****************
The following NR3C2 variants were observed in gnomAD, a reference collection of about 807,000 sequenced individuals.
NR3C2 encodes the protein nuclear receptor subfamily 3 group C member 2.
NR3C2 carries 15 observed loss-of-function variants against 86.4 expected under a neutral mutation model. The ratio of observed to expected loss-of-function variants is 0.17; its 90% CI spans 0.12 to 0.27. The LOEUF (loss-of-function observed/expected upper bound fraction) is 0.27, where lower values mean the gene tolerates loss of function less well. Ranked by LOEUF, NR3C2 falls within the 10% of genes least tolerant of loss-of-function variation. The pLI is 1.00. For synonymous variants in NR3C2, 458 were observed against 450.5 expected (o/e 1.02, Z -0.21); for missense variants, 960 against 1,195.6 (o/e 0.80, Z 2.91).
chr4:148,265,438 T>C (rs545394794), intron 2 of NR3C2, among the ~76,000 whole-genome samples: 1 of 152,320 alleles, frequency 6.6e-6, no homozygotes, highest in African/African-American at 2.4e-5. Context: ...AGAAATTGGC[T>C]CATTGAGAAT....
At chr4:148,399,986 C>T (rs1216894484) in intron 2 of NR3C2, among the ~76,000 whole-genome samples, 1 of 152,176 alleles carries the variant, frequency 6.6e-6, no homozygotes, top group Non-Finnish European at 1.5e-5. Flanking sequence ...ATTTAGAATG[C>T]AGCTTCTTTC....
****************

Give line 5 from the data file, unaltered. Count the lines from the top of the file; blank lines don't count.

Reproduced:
At chr4:148,399,986 C>T (rs1216894484) in intron 2 of NR3C2, among the ~76,000 whole-genome samples, 1 of 152,176 alleles carries the variant, frequency 6.6e-6, no homozygotes, top group Non-Finnish European at 1.5e-5. Flanking sequence ...ATTTAGAATG[C>T]AGCTTCTTTC....